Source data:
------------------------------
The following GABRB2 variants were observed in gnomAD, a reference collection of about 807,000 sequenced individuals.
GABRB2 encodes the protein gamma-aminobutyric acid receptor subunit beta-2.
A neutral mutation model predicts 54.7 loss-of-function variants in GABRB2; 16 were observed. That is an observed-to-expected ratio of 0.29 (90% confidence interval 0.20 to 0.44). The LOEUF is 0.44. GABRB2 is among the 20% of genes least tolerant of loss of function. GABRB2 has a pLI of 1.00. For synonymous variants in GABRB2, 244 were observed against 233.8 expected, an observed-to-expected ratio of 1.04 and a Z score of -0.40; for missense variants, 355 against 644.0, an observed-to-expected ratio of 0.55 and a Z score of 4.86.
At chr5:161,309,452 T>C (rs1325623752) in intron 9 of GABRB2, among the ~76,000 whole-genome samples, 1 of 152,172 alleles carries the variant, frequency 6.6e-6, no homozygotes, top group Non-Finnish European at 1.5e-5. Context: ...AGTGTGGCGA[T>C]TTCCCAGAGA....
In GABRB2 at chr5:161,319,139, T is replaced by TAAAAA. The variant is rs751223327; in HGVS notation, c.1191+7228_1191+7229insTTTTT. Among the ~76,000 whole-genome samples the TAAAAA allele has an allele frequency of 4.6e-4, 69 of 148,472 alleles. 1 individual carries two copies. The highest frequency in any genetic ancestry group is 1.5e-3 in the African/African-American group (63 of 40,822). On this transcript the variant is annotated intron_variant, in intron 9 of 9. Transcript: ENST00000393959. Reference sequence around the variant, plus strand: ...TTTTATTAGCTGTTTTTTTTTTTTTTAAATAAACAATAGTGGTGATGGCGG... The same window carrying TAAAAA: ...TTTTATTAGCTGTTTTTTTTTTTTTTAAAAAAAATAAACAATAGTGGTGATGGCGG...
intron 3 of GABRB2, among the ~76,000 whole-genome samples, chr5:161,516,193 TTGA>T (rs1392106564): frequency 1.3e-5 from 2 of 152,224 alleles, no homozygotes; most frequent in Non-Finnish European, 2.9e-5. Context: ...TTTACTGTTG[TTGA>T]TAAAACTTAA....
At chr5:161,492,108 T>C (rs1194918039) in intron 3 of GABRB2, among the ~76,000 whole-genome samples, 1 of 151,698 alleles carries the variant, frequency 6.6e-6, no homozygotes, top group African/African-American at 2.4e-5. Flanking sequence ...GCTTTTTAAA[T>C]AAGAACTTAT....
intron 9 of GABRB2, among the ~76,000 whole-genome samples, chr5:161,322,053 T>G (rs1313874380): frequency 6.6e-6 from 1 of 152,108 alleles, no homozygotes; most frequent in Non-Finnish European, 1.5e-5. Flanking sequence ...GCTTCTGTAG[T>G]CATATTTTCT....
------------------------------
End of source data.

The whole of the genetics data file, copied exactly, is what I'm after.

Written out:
The following GABRB2 variants were observed in gnomAD, a reference collection of about 807,000 sequenced individuals.
GABRB2 encodes the protein gamma-aminobutyric acid receptor subunit beta-2.
A neutral mutation model predicts 54.7 loss-of-function variants in GABRB2; 16 were observed. That is an observed-to-expected ratio of 0.29 (90% confidence interval 0.20 to 0.44). The LOEUF is 0.44. GABRB2 is among the 20% of genes least tolerant of loss of function. GABRB2 has a pLI of 1.00. For synonymous variants in GABRB2, 244 were observed against 233.8 expected, an observed-to-expected ratio of 1.04 and a Z score of -0.40; for missense variants, 355 against 644.0, an observed-to-expected ratio of 0.55 and a Z score of 4.86.
At chr5:161,309,452 T>C (rs1325623752) in intron 9 of GABRB2, among the ~76,000 whole-genome samples, 1 of 152,172 alleles carries the variant, frequency 6.6e-6, no homozygotes, top group Non-Finnish European at 1.5e-5. Context: ...AGTGTGGCGA[T>C]TTCCCAGAGA....
In GABRB2 at chr5:161,319,139, T is replaced by TAAAAA. The variant is rs751223327; in HGVS notation, c.1191+7228_1191+7229insTTTTT. Among the ~76,000 whole-genome samples the TAAAAA allele has an allele frequency of 4.6e-4, 69 of 148,472 alleles. 1 individual carries two copies. The highest frequency in any genetic ancestry group is 1.5e-3 in the African/African-American group (63 of 40,822). On this transcript the variant is annotated intron_variant, in intron 9 of 9. Transcript: ENST00000393959. Reference sequence around the variant, plus strand: ...TTTTATTAGCTGTTTTTTTTTTTTTTAAATAAACAATAGTGGTGATGGCGG... The same window carrying TAAAAA: ...TTTTATTAGCTGTTTTTTTTTTTTTTAAAAAAAATAAACAATAGTGGTGATGGCGG...
intron 3 of GABRB2, among the ~76,000 whole-genome samples, chr5:161,516,193 TTGA>T (rs1392106564): frequency 1.3e-5 from 2 of 152,224 alleles, no homozygotes; most frequent in Non-Finnish European, 2.9e-5. Context: ...TTTACTGTTG[TTGA>T]TAAAACTTAA....
At chr5:161,492,108 T>C (rs1194918039) in intron 3 of GABRB2, among the ~76,000 whole-genome samples, 1 of 151,698 alleles carries the variant, frequency 6.6e-6, no homozygotes, top group African/African-American at 2.4e-5. Flanking sequence ...GCTTTTTAAA[T>C]AAGAACTTAT....
intron 9 of GABRB2, among the ~76,000 whole-genome samples, chr5:161,322,053 T>G (rs1313874380): frequency 6.6e-6 from 1 of 152,108 alleles, no homozygotes; most frequent in Non-Finnish European, 1.5e-5. Flanking sequence ...GCTTCTGTAG[T>G]CATATTTTCT....